Rönnstrand, Lars
    Uppsala University, Disciplinary Domain of Medicine and Pharmacy, Medicinska och farmaceutiska vetenskapsområdet, centrumbildningar mm , Ludwig Institute for Cancer Research.
    Heldin, Carl-Henrik
    Uppsala University, Disciplinary Domain of Medicine and Pharmacy, Medicinska och farmaceutiska vetenskapsområdet, centrumbildningar mm , Ludwig Institute for Cancer Research.
    Gab1 contributes to cytoskeletal reorganization and chemotaxis in response to platelet-derived growth factor2004In: Journal of Biological Chemistry, ISSN 0021-9258, E-ISSN 1083-351X, Vol. 279, no 17, p. 17897-17904Article in journal (Refereed)
    Abstract [en]

    Gab1 is a scaffolding/docking protein that has been suggested to play a role in signal transduction downstream of certain plasma membrane receptors, including platelet-derived growth factor (PDGF) receptors. We found that PDGF induced a rapid Gab1 phosphorylation, which depended on the recruitment of Grb2, indicating that Grb2 acts as a bridge between Gab1 and the PDGF beta-receptor. PDGF also enhanced the binding of Gab1 to the phosphatase SHP-2, but not to p85. To further study the role of Gab1 in PDGF signaling, we transfected porcine aortic endothelial cells with a doxycycline-inducible Gab1 construct. Increased Gab1 expression enhanced the recruitment and activation of SHP-2, as well as the phosphorylation of the mitogen-activated protein kinases Erk and p38 by PDGF. Gab1 expression also enhanced the formation of lamellipodia and cellular protrusions. In Gab1-deficient mouse embryonic fibroblasts, the same phenotype was induced by restoring the expression of wild-type Gab1, but not a mutant Gab1 that was unable to associate with SHP-2. These effects of PDGF on the actin cytoskeleton were not altered by the inhibition of p38 or Erk, but could be blocked by a dominant-negative form of Rac (Asn(17)). Finally, Gab1-deficient fibroblasts showed a decreased chemotactic response toward gradients of PDGF as compared with wild-type cells. In conclusion, Gab1 plays a selective role in the regulation of the mitogen-activated protein kinases Erk and p38 downstream of the PDGF beta-receptor, and contributes to cytoskeletal reorganization and chemotaxis in response to PDGF.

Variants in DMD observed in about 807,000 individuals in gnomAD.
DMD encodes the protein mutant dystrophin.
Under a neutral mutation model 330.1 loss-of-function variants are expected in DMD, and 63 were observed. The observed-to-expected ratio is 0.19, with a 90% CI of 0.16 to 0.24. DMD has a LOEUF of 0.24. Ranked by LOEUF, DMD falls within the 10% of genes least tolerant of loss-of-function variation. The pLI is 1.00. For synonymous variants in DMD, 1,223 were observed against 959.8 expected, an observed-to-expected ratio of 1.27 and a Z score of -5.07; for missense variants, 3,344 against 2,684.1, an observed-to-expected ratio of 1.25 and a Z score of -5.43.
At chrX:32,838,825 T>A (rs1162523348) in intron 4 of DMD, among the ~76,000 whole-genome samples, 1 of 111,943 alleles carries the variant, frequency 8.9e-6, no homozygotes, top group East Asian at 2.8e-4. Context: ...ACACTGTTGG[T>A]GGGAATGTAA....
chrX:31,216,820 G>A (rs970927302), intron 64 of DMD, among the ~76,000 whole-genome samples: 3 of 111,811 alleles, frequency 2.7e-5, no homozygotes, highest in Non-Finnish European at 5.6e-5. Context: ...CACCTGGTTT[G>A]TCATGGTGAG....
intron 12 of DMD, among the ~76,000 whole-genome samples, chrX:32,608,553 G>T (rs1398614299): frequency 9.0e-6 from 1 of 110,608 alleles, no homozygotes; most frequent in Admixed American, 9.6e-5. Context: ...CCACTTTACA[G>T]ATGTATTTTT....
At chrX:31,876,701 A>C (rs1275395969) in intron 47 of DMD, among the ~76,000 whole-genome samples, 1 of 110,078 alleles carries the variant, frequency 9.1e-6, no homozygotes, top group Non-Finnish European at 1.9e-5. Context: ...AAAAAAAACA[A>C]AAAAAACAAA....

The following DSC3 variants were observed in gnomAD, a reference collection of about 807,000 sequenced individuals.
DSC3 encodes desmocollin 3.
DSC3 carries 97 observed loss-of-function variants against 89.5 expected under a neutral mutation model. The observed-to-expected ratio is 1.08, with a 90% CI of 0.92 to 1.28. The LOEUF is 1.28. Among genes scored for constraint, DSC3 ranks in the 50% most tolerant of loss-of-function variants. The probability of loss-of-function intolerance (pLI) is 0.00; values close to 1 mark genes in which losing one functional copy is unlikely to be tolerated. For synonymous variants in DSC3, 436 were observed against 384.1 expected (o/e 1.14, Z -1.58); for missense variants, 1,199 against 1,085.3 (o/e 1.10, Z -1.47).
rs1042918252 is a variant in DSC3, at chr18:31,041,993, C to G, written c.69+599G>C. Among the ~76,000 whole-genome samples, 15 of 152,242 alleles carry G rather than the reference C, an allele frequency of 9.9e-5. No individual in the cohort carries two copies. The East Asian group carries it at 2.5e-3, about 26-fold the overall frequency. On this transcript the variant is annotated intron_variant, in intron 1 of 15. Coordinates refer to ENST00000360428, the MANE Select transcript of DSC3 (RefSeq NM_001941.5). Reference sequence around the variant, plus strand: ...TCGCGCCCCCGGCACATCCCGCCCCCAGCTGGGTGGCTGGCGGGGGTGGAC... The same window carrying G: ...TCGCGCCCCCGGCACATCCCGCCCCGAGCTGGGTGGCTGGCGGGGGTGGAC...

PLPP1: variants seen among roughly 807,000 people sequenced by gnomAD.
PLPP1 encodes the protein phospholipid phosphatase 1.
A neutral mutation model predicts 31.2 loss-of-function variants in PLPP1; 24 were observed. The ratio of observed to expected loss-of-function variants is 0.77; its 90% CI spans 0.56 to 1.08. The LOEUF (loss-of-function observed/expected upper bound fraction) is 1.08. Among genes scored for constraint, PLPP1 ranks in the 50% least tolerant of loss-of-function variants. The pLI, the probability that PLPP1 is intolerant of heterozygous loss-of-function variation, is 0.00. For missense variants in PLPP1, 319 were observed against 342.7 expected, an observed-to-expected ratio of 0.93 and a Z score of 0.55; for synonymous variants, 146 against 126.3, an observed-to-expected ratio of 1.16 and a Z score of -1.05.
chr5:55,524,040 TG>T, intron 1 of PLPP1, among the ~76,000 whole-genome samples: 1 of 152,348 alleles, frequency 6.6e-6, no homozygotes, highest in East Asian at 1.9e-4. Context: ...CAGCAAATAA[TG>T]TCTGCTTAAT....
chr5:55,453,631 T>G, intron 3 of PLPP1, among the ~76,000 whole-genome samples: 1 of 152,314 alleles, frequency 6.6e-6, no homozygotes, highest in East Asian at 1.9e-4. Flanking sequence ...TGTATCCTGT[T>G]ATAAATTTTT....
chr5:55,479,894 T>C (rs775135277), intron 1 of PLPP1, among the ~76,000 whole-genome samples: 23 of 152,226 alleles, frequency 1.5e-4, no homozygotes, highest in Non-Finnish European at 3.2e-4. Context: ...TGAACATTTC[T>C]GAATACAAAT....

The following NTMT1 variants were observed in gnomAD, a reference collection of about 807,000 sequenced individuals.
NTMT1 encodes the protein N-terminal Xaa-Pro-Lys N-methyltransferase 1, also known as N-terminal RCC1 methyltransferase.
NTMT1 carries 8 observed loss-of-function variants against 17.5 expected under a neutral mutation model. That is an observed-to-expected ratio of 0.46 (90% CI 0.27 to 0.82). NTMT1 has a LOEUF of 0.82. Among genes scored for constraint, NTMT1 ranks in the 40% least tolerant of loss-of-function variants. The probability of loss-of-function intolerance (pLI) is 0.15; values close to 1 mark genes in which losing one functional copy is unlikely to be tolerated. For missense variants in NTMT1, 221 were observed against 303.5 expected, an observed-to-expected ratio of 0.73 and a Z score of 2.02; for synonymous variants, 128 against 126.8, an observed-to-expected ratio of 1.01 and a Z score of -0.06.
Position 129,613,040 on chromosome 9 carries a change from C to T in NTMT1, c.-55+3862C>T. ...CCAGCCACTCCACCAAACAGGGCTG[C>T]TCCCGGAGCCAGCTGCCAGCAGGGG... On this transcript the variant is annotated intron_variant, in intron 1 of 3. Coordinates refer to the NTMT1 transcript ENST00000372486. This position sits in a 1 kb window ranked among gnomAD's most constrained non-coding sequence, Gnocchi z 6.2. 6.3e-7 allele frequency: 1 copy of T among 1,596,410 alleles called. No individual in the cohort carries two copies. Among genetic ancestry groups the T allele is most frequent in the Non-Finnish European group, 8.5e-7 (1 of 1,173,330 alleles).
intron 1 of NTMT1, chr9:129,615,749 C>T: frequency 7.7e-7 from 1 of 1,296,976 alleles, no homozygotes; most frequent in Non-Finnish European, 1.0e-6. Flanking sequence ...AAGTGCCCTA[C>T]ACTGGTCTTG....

• 279. Kallin, Anders
    et al.
    Johannessen, Lene E.
    Uppsala University, Disciplinary Domain of Medicine and Pharmacy, Medicinska och farmaceutiska vetenskapsområdet, centrumbildningar mm , Ludwig Institute for Cancer Research.